The team at Banyan Tree Marine Lab now track sea turtles residing and frequenting on house reefs of both Banyan Tree Vabbinfaru and Angsana Ihuru.
In January 2019 the resort launched the Turtle ID Program, tracking populations of sea turtles that either frequent or reside on the house reefs of the two luxury resorts and the nearby reefs, with the aim of monitoring the populations of these highly-endangered animals.
The Marine Lab Team uses technical software to identify the individual face pattern on the left or right side of the turtle’s head. Once the pattern has been mapped out, it is stored in a database and these patterns make it easy to compare and identify new turtles. The resort encourages guests to contribute towards the initiative, by submitting images of turtles they encounter when snorkeling out on the reefs. The critically endangered Hawksbill Turtle is frequently spotted on the reefs, with high number of new turtles being identified. Each individual is named, so the team can more easily identify them while guiding snorkels.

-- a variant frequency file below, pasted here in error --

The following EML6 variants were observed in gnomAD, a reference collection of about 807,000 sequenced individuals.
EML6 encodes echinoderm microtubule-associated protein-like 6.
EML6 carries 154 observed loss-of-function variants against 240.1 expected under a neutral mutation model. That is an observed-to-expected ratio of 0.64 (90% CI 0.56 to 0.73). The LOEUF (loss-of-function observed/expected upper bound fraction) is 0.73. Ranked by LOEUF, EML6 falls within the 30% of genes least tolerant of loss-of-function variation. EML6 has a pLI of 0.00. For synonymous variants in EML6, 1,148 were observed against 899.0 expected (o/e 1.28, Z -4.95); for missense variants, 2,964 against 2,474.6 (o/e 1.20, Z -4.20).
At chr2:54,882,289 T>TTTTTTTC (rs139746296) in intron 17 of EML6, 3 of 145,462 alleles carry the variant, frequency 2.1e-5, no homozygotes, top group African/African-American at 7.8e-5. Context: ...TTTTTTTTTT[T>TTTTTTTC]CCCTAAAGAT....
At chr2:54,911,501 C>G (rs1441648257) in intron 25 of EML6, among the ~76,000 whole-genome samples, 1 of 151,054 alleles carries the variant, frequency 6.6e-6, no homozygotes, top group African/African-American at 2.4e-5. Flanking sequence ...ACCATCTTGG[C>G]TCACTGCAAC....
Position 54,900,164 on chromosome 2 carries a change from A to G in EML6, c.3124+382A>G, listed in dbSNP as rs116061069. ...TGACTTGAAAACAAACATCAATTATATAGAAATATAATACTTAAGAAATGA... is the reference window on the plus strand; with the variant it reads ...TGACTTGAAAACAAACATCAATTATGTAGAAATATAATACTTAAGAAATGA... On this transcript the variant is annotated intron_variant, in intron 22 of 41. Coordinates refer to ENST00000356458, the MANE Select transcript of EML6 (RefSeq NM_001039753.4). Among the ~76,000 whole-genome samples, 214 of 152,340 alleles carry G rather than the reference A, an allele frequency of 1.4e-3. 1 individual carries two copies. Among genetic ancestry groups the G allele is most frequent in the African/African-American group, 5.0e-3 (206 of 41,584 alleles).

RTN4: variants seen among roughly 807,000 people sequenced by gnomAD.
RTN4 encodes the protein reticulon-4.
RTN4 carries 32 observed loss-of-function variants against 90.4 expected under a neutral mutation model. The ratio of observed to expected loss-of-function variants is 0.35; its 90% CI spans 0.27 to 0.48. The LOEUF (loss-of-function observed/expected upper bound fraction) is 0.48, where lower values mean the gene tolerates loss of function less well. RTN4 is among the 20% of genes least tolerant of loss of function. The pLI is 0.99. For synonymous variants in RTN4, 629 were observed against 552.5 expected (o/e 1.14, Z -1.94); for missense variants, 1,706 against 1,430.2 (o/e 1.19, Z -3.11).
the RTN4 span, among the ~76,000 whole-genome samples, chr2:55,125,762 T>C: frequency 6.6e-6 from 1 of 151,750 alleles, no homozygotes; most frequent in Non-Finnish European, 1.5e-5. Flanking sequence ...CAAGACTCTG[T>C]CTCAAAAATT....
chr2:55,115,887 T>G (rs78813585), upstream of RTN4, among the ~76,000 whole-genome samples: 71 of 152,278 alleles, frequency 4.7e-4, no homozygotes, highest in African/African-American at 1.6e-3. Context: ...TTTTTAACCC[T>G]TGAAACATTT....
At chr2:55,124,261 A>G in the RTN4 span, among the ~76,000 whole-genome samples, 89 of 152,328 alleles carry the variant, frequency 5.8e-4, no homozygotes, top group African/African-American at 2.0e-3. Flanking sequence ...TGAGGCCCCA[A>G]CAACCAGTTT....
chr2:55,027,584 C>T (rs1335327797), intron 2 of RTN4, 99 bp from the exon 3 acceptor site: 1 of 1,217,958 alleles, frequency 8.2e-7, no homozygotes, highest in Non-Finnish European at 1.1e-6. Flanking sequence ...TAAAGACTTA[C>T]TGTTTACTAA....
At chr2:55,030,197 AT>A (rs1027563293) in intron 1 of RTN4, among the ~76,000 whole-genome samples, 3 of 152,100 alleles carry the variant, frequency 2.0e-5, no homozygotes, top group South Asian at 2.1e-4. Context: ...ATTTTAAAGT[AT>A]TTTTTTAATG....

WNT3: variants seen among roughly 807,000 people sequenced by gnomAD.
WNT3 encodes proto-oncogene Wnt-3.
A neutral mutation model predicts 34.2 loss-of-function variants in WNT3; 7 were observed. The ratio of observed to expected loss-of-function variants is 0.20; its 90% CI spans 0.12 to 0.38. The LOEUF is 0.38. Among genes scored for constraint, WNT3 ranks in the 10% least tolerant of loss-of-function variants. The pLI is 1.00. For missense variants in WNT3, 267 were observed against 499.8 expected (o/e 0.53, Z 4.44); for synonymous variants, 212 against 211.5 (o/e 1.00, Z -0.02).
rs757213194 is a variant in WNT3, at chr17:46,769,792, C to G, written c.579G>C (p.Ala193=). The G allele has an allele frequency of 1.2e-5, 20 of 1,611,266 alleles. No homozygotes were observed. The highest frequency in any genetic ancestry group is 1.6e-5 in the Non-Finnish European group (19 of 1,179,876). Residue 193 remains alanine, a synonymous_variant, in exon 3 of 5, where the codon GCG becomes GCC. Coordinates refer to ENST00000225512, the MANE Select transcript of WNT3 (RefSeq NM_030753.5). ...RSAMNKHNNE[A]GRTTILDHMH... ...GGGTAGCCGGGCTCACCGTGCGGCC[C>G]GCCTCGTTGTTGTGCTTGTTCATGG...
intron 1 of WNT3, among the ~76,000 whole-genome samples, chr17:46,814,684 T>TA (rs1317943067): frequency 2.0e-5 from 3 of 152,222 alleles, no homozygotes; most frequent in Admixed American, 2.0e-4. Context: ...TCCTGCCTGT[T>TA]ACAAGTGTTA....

The Banyan Tree Marine Lab actively engages guests and associates with ongoing Marine Conservation activities and initiatives, such as Marine Talks given on topics that include turtle and shark conservation, effective reef restoration and monitoring, and a novel long-term shark monitoring programme, which aims to critically assess the effectiveness of the nationwide shark-fishing ban, introduced across the Maldives in 2010. The Turtle ID Program, started 6 months ago, is just one of many new initiatives being implemented by the Banyan Tree Marine Lab and its Sustainability team. Another unique initiative involves the upcycling of abandoned drift-Ghost Nets, a major threat to sea turtles, into colourful bracelets; raising awareness about these dangers to marine animals, as well as the overall threat of marine plastic pollution to animal biodiversity and the health of our natural environments, as well as our own health.